From their paper:
Their key finding:
"There is on average a positive relation between past returns and turnover in our sample of countries. Using a trivariate Vector Autogression (VAR) of market return, market volatility, and turnover with weekly data from 1993 through 2003, we find that a positive shock to returns leads to a significant increase in volume after ten weeks in 24 countries and to a significant decrease in no country. The economic magnitude of the return-turnover relation is large; a one standard deviation shock to returnsleads to a 0.46 standard deviation increase in turnover on average after ten weeks."In other words, people trade more in up markets than in down markets. While this fact is well known to any stock broker, it is interesting to see that the same realtion holds across most countries and that it appears that it is more concentrated for individual investors and in countries with less developed markets.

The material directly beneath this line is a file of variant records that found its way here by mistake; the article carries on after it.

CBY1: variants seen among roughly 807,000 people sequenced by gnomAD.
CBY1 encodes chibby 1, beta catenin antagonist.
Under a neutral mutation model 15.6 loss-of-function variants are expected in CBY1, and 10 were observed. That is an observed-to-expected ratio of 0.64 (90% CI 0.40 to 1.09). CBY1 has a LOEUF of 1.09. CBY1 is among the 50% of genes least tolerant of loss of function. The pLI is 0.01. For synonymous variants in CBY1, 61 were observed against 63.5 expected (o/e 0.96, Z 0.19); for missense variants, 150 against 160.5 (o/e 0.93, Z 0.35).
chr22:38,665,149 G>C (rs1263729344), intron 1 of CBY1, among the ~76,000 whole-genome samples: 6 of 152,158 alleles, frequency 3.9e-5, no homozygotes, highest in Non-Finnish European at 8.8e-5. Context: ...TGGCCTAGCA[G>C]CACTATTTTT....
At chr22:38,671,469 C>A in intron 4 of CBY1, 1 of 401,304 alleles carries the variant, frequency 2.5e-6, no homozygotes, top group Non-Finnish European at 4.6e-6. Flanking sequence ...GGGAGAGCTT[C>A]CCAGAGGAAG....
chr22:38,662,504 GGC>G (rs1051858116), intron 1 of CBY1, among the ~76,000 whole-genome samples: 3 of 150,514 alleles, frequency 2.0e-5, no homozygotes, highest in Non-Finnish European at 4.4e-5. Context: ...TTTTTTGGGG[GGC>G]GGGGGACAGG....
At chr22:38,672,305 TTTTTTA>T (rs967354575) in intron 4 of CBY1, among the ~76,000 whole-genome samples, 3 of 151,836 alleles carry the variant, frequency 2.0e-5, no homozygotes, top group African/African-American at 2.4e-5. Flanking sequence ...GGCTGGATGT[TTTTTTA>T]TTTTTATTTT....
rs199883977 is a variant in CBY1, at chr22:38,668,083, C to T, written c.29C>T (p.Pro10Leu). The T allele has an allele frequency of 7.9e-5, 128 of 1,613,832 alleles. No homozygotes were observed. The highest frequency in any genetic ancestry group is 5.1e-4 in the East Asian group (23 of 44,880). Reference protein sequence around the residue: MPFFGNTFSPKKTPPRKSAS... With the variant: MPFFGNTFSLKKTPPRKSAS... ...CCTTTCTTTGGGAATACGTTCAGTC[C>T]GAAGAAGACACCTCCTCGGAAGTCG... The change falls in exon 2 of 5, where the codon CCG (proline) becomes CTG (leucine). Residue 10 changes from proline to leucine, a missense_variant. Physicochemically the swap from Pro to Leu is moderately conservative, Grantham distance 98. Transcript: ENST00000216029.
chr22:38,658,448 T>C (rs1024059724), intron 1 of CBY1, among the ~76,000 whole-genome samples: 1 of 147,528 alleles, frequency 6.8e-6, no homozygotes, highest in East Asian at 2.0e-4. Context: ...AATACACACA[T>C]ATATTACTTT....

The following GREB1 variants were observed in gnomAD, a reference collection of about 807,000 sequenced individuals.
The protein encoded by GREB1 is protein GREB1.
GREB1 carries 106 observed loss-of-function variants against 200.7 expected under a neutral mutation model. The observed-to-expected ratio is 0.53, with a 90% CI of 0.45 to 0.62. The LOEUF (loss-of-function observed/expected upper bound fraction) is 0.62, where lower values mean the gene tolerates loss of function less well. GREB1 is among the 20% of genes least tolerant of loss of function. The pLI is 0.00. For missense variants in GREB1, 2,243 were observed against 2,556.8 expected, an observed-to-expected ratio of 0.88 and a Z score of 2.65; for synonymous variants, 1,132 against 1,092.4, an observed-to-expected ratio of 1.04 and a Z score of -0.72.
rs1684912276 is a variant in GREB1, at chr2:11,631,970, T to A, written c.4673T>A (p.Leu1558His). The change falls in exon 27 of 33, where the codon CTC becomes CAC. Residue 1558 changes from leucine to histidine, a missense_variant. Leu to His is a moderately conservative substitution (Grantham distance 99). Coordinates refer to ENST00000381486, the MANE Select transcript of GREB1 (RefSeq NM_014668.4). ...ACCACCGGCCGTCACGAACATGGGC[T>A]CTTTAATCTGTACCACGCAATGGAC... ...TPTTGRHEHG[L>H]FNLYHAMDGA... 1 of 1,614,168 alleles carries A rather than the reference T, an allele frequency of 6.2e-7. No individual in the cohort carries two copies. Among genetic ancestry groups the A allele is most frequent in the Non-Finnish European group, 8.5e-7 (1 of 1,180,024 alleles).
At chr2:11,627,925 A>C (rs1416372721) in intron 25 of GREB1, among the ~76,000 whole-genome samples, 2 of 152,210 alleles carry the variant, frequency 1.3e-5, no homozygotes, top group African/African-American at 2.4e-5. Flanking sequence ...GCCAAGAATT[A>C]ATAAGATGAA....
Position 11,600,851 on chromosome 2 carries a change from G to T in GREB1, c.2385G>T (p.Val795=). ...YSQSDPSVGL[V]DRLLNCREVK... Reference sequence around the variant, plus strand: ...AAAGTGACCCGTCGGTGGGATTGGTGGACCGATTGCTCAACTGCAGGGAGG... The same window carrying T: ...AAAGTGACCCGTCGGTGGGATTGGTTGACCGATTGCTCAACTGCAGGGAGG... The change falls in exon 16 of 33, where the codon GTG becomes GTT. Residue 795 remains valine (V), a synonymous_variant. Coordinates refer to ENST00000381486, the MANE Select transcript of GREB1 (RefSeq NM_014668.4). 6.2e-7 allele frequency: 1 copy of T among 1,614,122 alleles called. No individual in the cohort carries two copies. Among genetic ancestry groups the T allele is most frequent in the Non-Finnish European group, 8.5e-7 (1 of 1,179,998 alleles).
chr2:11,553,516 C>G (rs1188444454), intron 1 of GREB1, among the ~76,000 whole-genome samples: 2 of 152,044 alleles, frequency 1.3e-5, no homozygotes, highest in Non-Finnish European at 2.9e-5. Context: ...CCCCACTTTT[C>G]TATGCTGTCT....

Again from the paper:
"The relation [between volume and returns] is more statistically and economically significant in countries with restrictions on short sales, where corruption is higher, and where the allocative efficiency of the stock market is weaker. The return-volume relation is also stronger for individual investors than for institutional or foreign investors."
John M. Griffin, Federico Nardari, and René M. Stulz. Do investors trade more when stocks have performed well? Evidence from 46 countries, Working Paper, downloaded 7/27/2005